There are only five confirmed cases of COVID-19 in La Crosse County.
It seems like a bit of a surprising number, considering the number of people tested so far at just one hospital in town.
“Probably looking at about 300-350 people who have been tested at Mayo Clinic,” said Mayo chief nursing officer Jason Fratzke, who is also the Incident Commander of the hospital’s COVID-19 HICS response team. “As an institution, we’ve been doing somewhere between 40-60 (tests) a day, depending on the day.”
Everything seems ‘so far, so good’ in town, but the supplies are still a big question.
“Supply, it comes and goes,” Fratzke said. “We’re in an OK place right now. Just from a swab, using what we use to do the test itself in the nasopharynx area, we’re OK now.
“Those were in short supply probably about a week in a half, two weeks ago. We did get an additional supply for, at least, a little time.”
About a month ago, Mayo Clinic in Rochester, Minn., developed a way to test for COVID-19. The tests take just a few hours to confirm once at Rochester, but that, too, is becoming a problem — transporting the tests from La Crosse.
“Had some shortages in what we need to put the swab in to transport it to the lab,” Fratzke said. “We’re doing OK but I know, right now at Mayo Clinic, we’re looking at ways — alternative ways — to find transportation that we can do without the medium. Lots of research is going in on that.”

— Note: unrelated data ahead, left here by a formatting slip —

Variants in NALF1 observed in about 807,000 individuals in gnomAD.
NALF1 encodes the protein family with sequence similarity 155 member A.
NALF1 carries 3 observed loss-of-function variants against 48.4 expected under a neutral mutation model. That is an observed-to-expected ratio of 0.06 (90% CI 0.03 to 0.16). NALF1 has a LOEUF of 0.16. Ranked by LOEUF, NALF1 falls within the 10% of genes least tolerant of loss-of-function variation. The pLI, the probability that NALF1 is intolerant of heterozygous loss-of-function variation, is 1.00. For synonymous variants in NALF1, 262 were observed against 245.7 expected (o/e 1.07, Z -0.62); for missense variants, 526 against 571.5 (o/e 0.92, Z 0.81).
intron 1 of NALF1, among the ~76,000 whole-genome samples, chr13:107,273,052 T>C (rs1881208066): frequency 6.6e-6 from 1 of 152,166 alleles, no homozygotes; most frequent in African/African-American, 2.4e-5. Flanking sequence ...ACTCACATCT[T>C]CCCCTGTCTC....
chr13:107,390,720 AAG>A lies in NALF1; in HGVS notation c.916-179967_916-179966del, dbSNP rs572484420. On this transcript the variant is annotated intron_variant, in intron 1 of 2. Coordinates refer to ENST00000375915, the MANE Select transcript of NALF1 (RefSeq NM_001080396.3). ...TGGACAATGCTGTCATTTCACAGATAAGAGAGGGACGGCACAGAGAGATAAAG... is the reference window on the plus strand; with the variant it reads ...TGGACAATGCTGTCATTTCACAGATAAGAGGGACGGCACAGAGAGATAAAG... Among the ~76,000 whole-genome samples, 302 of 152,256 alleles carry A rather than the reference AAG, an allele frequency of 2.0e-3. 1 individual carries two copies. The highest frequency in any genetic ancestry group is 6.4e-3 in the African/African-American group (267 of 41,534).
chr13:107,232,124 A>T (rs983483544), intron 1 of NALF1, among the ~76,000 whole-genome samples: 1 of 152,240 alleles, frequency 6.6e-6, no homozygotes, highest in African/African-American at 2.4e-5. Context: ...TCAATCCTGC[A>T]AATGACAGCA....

Fratzke also mentioned that’s not the only thing they’re looking into when it comes to the supply chain. Masks are in short supply in multiple places. In other states, health care workers have been put to the task of makeshift sewing camps to create cloth masks.
“We’re in a place where we are good for, at least, a little stretch,” Fratzke said. “It is a little bit nerve wracking because we’re going to be at the whim of the companies that produce those kinds of things.
“Utilization of those masks, depends on how many patients you have in the facility. Right now, we have a handful of patients in our facilities, so it doesn’t burn up our PPE equipment, our masks, as quickly.”
Those potential problems, of course, all stem from physical supplies. There’s also a human element. Mayo sent out a press release Monday that staff should stay home if they’re experiencing any symptoms of the virus. Staff are also having their temperatures taken twice a day.
“Our resource limits may be people and to care for (anyone infected), because we imagine even some our employees may be unfortunate to become (COVID-19) positive,” Fratzke said. “We’re definitely talking about, ‘How do we surge up?’
“At Mayo, we’re talking about doubling or even beyond that, our capacity, where we’d do that. That is active work that’s occurring.”